Interruptions and exceptions to laytime

4.1 In this book, the term “interruptions to laytime” is used to cover those periods when laytime does not run because they are outside the definition of lay-time as expressed in the laytime clause. Excepted periods, on the other hand, are those periods that are within the definition of laytime, but nevertheless excluded by an exceptions clause. The principal difference between the two is that with the latter it is necessary to show a causal connection between what is excepted and the failure to work cargo, whereas with the former all that need be shown for causation is that the excluded state of affairs exists at the place where cargo would have been worked.

4.2 The same phenomenon may be either an interruption or an exception to laytime, depending on the terms of the charter concerned. Thus, adverse weather would be an interruption to laytime where this was defined in terms of weather working days because these are not words of exception but a definition of the only kind of time that may count. On the other hand, an additional clause providing that “any time lost through bad weather is not to count as laytime” is an exception, so a causal connection must be shown to prove that time was actually lost because of weather. Clearly, time could be lost only if the vessel concerned was in a berth or position where loading or discharging, as the case may be, could take place, whereas time may be interrupted whether the vessel was in berth or not once adverse weather is shown to exist.

4.3 As has already been mentioned,1 if a charterer has agreed to load or discharge within a fixed period of time, and therefore the charter is a fixed laytime one, the charterer is answerable for the non-performance of this agreement after laytime commences whatever may be the nature of the impediments, unless they are covered by provisions in the charter interrupting laytime or excepting the particular impediment or they arose through the culpable fault of the shipowner or those for whom he is responsible.2

4.4 In a customary laytime situation3 the position is usually reversed with the risk of delay after laytime has commenced normally falling to the shipowner. In this type of charter the charterer’s obligation is merely to perform his part in the operations of loading and discharging within a reasonable time in the circumstances prevailing in the particular port at the time in question. In this type of charter, there can only therefore be exceptions and not interruptions to laytime.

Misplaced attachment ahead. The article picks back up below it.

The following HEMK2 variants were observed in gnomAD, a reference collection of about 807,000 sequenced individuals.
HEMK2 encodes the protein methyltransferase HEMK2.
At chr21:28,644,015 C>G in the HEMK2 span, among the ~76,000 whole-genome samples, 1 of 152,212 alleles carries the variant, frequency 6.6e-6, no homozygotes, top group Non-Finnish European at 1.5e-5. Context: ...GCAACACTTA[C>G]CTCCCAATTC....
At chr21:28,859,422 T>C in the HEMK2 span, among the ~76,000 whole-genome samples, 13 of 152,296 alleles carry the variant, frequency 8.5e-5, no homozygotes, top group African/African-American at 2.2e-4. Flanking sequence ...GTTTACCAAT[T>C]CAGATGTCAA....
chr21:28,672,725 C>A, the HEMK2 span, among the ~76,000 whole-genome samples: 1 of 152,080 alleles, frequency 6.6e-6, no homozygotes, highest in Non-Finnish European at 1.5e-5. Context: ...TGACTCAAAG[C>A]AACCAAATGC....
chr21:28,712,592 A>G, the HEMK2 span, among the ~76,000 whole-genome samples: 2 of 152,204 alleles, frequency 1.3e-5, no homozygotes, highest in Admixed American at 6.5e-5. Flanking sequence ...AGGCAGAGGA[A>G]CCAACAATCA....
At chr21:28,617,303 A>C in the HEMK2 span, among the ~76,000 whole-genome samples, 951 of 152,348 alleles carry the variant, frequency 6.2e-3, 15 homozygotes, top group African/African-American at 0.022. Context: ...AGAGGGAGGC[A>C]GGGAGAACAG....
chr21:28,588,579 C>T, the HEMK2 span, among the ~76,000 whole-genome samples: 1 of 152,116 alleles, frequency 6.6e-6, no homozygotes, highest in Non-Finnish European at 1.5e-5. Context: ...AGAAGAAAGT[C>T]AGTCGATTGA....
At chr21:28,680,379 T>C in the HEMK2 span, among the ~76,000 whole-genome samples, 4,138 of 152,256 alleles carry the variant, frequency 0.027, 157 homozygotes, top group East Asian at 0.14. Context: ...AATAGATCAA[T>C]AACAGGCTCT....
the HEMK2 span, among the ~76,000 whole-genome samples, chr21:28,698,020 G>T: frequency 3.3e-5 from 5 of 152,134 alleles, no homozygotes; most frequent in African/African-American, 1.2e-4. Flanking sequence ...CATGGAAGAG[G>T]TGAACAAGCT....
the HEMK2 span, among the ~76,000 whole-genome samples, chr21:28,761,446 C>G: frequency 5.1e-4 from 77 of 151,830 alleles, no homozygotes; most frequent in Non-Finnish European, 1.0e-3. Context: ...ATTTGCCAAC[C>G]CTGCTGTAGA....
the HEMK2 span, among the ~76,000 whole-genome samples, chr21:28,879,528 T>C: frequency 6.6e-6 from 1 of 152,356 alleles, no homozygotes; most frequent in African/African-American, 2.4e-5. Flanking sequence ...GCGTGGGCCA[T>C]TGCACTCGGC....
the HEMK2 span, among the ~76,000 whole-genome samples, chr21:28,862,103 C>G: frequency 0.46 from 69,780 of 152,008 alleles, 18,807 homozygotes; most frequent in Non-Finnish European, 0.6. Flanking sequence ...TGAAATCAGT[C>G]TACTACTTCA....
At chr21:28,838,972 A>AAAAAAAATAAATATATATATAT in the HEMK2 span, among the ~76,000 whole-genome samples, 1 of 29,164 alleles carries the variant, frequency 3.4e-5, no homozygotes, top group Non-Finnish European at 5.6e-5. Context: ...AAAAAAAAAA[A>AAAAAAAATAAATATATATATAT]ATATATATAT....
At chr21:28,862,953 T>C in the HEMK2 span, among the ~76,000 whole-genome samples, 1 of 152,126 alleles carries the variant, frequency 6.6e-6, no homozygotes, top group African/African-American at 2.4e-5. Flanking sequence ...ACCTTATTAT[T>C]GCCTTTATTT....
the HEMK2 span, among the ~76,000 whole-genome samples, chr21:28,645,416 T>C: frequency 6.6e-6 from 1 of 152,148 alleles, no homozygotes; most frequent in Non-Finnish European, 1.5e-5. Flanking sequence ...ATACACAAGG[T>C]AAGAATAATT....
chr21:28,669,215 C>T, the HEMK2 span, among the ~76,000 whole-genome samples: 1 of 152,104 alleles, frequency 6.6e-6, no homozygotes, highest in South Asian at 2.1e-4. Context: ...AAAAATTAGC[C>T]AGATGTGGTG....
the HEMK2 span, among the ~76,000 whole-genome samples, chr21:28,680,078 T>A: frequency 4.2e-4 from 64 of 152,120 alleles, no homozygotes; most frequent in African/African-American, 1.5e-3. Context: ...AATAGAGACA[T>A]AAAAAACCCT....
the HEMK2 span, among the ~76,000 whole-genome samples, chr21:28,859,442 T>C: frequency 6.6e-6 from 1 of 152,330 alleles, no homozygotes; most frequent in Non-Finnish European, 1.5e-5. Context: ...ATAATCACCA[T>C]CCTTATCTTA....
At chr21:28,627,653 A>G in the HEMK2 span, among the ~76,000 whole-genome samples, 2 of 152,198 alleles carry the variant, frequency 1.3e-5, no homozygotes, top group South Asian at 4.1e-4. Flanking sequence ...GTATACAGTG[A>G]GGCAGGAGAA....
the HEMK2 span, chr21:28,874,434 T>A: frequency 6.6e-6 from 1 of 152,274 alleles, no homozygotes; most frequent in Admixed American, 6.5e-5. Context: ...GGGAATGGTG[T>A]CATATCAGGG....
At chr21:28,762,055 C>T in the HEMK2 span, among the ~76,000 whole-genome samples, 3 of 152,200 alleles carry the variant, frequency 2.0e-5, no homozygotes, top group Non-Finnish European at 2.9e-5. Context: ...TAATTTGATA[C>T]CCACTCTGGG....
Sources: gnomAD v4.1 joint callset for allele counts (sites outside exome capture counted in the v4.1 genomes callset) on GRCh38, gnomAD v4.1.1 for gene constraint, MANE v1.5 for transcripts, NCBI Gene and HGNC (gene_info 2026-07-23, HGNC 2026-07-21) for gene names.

The contra proferentem rule

4.5 In a fixed laytime charter, the interruptions and exceptions will normally be in favour of the charterer, whereas in a customary laytime charter, where they are usually much less frequent, exceptions will be intended to increase the burden on the charterer and protect the shipowner. Exceptions clauses are construed against the party for whose benefit they are included in the charter. As was said by Lord Wilberforce in Photo Production Ltd v Securicor Transport Ltd,4 after setting out a particular exclusion clause:

These words have to be approached with the aid of the cardinal rules of construction that they must be read contra proferentem and that in order to escape from the consequences of one’s wrongdoing, or that of one’s servant, clear words are necessary.

4.6 It is thus first necessary to decide for whose benefit the clause was intended, since, if the clause is ambiguous or it is doubtful whether the given circumstances are covered by it, the issue will be decided in favour of the other party.

4.7 In some early charterparties it was customary to set out the duties of each of the parties in separate parts of the charter and not merely in separate clauses. This led to the view that exceptions in that part dealing with the shipowner’s duties only relieved the shipowner and not the charterer. This was so in Sjoerds v Luscombe,5 in Touteng v Hubbard,6 and in Blight v Page.7 In charterparties so framed it was inevitable that the exceptions should be construed as enuring for the benefit of the owner only. In the latter half of the nineteenth century, the form of charterpar-ties changed with the various duties of the owner and charterer being set out in separate clauses (rather than parts of the charter).